A surprising decision by the Reserve Bank of Australia to cut interest rates and a more hawkish-than-expected Federal Reserve meeting minutes has weighed heavily on the AUD/USD in recent times. The commodity currency has come under further pressure from renewed concerns about Australia’s largest trading partner, China. Incoming data from the world’s second largest economy over the past couple of weeks have been poor, raising concerns about the level of demand for Australia’s key commodity exports such as Iron ore. Other base and precious metals have also weakened with copper, gold and silver all retreating. As well as Chinese demand concerns, these buck-denominated metals have been pressurised by a rallying US dollar.
But most of these developments are probably priced in now. Apart from a couple of speeches from the Reserve Bank of Australia official this week, there is not much in the way of key Australian data this week, although with a couple of exceptions. The RBA’s Governor Glenn Stevens is due to speak at the Trans-Tasman Business Circle briefing, in Sydney on Tuesday, while Assistant Governor Guy Debelle will be speaking in New York on Thursday. In terms of data, the Australian Bureau of Statistics will release the quarterly construction work report on Wednesday, followed by the private capital expenditure data on Thursday. From the US, this week’s key data include durable goods orders, unemployment claims and pending home sales, all due on Thursday, followed by preliminary second quarter GDP on Friday. Today’s data showed the manufacturing PMI in May eased to its lowest level since 2009. At 50.5, it was barely above the expansion threshold of 50, raising question marks about the prospects of a June rate hike.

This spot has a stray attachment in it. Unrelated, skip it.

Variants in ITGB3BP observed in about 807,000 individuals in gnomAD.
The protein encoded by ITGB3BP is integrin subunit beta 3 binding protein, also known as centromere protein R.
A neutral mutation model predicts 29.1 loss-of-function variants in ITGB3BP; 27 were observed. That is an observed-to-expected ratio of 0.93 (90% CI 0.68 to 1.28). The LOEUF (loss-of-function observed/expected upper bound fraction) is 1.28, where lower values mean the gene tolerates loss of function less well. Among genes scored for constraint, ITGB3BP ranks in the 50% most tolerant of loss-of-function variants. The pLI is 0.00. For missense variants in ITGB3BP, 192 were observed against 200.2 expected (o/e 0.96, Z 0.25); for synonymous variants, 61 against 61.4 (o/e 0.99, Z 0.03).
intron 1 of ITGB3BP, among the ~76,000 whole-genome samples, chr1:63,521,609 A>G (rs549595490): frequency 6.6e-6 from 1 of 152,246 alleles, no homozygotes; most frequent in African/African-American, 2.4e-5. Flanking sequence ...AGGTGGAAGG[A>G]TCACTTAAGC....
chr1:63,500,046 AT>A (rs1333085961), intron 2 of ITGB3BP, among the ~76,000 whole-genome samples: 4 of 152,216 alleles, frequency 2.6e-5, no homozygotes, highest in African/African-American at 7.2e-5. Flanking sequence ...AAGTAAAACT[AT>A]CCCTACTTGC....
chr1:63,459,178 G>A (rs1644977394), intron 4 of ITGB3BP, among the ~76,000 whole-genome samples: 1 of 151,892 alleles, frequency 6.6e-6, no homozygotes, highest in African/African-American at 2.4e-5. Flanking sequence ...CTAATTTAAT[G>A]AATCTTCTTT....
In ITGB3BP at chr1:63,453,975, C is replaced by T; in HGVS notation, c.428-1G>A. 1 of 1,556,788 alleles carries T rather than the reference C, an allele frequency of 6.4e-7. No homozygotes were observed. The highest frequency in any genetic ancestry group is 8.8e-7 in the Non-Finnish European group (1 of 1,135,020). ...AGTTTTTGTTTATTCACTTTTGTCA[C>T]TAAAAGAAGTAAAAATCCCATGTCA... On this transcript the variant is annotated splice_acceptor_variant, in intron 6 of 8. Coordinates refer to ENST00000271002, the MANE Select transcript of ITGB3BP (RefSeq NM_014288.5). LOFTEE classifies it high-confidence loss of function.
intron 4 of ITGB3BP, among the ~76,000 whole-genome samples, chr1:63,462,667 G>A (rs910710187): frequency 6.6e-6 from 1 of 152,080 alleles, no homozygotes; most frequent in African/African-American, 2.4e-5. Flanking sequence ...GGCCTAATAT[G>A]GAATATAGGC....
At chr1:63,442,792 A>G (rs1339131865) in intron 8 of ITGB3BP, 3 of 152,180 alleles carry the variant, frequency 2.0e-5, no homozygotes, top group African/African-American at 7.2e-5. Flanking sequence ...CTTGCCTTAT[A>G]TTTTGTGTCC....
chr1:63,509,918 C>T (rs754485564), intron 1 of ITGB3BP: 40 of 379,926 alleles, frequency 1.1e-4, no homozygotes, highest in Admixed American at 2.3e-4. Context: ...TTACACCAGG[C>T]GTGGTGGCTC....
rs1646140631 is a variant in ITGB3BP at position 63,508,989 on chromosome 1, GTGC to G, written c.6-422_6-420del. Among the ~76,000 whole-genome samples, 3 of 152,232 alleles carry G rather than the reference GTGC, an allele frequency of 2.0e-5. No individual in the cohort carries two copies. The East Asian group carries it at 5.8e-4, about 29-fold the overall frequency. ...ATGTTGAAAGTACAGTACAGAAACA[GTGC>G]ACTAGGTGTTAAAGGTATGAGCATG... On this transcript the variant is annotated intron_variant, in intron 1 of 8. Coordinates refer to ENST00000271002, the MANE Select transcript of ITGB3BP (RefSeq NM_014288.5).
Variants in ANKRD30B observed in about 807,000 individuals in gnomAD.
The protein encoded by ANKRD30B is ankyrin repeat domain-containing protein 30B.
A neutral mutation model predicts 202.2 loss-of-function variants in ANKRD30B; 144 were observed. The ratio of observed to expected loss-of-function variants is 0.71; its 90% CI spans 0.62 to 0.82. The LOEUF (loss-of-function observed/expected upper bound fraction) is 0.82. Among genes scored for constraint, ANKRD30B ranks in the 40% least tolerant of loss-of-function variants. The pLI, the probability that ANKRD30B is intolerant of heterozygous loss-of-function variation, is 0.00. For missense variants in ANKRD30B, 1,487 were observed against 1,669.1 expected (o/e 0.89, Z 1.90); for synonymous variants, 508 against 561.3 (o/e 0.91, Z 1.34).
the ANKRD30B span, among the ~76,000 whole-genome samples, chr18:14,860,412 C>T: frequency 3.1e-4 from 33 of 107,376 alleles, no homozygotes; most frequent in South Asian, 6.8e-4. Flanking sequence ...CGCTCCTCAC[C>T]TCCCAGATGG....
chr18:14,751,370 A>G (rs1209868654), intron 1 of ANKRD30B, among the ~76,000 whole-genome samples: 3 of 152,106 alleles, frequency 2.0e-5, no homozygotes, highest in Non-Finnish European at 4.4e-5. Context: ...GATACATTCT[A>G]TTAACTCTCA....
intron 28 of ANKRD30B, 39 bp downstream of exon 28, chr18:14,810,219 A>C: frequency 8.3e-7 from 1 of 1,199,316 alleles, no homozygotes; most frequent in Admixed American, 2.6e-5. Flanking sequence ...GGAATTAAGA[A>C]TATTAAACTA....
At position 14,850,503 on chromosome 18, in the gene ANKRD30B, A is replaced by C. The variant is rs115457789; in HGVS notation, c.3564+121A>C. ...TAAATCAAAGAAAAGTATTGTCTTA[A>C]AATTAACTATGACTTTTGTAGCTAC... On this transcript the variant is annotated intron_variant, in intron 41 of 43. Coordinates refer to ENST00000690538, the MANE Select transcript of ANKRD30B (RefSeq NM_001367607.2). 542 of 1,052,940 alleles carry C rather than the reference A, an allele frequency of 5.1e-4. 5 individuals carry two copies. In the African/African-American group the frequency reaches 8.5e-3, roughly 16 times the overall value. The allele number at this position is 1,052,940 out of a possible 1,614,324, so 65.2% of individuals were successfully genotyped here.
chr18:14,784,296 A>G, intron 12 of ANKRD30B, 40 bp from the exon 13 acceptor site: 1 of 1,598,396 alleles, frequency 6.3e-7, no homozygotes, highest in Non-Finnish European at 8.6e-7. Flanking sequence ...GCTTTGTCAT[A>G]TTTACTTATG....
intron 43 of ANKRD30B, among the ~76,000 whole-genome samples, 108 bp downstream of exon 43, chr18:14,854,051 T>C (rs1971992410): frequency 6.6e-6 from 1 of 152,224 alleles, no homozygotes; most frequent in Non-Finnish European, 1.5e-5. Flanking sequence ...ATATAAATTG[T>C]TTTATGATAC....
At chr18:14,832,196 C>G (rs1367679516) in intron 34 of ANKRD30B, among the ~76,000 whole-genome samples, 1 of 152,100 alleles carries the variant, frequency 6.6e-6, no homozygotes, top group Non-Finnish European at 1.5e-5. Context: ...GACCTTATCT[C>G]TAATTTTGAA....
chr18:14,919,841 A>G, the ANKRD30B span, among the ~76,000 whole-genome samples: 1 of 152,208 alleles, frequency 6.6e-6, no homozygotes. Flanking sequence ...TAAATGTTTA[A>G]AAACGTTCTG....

From a technical point of view, the AUD/USD formed a couple of doji candles in as many days at the end of last week following an aggressive move to the downside on Wednesday in the aftermath of the hawkish Fed minutes. The Aussie was displaying another such candlestick formation at the time of this writing. The doji formations point to indecision and suggests no one is quite sure what the short-term trend is.
Clearly, price will soon make its next move depending on where the marginal increase in the pressure will come from: the buyers or the sellers. Given the recent sharp drop, and with price trading around the 200-day moving average and the 61.8% Fibonacci retracement against the most recent rally, there is a good chance that we may see some short-side profit-taking here. This alone could provide some relief for the Aussie, potentially leading to a bounce. That’s assuming that the bounce has not already come to pass today. The alternative scenario is even more compelling. If price fails to bounce from such an important support area, then surely it will need to go down a lot further before it becomes attractive once again for the buyers to step back in.
So, a sharp move in one or the other direction looks imminent. Conservative traders may therefore wish to keep this pair in their watch lists for now and wait for price to either break below last week’s low at around 0.7175 or move above the key short-term resistance and the flattening 200-day moving average around the 0.7250/5 area. In the bullish scenario, the next logical levels to watch for potential resistance are the prior hurdles at 0.7325 followed by 0.7380. In the bearish scenario, there are not many prior reference points until 0.6900, so the 78.6% Fibonacci retracement at 0.7045/50 could be a realistic short-term target.